Can a landlord change your locks?
Ask a Lawyer!
Has your landlord changed the locks on your apartment? If so, there are some key things to know.
A lockout is not an eviction.
It is important to remember that a landlord can only legally evict you from an apartment with a court order. The law allows a landlord to change a tenant’s locks in limited situations, but also puts several restrictions on the landlord to make sure a tenant will only be locked out for a short time.
The purpose of the law is to help landlords make tenants meet them face-to-face, nothing more.
The landlord must give you a written notice several days before changing your locks.
The law requires a landlord to give a tenant a written warning before changing the locks. The warning must give three days’ notice if it is hand-delivered or posted, and five days’ notice if mailed. If the landlord doesn’t give that notice before changing the locks, he has broken the law.
The landlord must give you a new key quickly.
After the landlord changes a tenants’ locks, he has to put a written notice on the outside of your door that says:
- Where the tenant can go 24 hours a day to obtain the new key; or give you a telephone number the tenant can call 24 hours a day to have the new key delivered promptly;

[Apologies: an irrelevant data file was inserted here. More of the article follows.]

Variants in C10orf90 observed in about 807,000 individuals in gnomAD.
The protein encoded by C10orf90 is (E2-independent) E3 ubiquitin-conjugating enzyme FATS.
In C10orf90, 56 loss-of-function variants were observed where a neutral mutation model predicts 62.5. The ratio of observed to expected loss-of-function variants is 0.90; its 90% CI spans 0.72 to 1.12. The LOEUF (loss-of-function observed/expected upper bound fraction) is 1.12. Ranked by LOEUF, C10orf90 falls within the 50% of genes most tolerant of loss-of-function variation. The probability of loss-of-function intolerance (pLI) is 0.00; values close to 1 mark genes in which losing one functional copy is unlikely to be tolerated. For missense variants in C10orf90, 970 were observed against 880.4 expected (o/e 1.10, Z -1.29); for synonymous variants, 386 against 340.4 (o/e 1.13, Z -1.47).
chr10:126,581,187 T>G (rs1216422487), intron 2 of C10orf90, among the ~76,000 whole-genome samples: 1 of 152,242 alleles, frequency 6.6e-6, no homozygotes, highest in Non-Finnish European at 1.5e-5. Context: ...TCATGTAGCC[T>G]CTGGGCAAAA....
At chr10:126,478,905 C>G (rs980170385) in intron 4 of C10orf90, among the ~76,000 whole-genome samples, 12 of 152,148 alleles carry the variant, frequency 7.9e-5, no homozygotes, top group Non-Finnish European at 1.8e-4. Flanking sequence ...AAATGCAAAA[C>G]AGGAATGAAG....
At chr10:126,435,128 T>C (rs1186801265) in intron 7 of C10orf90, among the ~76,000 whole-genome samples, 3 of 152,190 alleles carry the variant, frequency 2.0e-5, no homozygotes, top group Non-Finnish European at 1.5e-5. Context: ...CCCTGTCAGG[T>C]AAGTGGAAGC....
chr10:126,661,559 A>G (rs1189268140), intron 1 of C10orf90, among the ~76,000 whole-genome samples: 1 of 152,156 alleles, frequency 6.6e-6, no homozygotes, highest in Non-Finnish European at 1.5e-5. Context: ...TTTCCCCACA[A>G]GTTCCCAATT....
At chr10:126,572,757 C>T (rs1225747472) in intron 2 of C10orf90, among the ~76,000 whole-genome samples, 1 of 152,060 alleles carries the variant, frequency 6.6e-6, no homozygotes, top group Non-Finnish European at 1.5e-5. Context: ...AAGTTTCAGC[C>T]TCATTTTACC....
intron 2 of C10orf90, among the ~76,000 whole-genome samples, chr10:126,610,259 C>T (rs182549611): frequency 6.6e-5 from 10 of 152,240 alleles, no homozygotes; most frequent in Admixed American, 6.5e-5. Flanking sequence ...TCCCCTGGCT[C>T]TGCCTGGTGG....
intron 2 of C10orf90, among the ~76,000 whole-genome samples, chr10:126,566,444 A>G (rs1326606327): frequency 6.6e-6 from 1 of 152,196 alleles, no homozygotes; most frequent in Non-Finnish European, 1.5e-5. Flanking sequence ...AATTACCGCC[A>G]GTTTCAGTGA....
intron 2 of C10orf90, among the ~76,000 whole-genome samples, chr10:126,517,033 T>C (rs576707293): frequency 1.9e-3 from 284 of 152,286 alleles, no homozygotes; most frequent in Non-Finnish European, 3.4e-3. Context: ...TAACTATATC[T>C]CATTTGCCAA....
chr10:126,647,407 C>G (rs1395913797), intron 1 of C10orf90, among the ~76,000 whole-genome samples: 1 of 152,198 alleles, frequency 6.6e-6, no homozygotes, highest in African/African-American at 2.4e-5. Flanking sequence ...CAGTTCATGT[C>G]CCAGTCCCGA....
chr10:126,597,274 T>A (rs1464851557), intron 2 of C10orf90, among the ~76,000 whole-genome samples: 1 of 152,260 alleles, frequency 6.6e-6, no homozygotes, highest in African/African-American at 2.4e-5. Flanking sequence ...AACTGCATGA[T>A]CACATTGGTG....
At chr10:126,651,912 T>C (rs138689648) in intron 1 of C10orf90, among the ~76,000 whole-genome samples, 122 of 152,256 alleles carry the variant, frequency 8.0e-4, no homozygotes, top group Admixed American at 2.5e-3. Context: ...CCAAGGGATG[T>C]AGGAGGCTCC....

- The amount of rent and other charges the tenant owes; and
- Tell the tenant that the landlord must provide the tenant with a new key at any hour whether or not the tenant pays the rent owed.
What if my landlord does not give me a key?
You have a right to get back into your apartment. If your landlord will not give you a new key, you should go to your local Justice of the Peace and ask for a “writ of reentry.”
If the judge issues a writ of reentry, a constable will deliver the writ to the landlord, ordering him to give you a new key. The landlord is supposed to act right away after getting the writ; if he doesn’t, the judge can hold him in contempt, and the constable may use “reasonable force” to get back into the apartment.
You can sue a landlord for breaking the law.
If a landlord locks you out of your apartment, but doesn’t give you the proper written notice and/or does not give you a new key, you can sue him for damages. You should consult with an attorney to learn about your options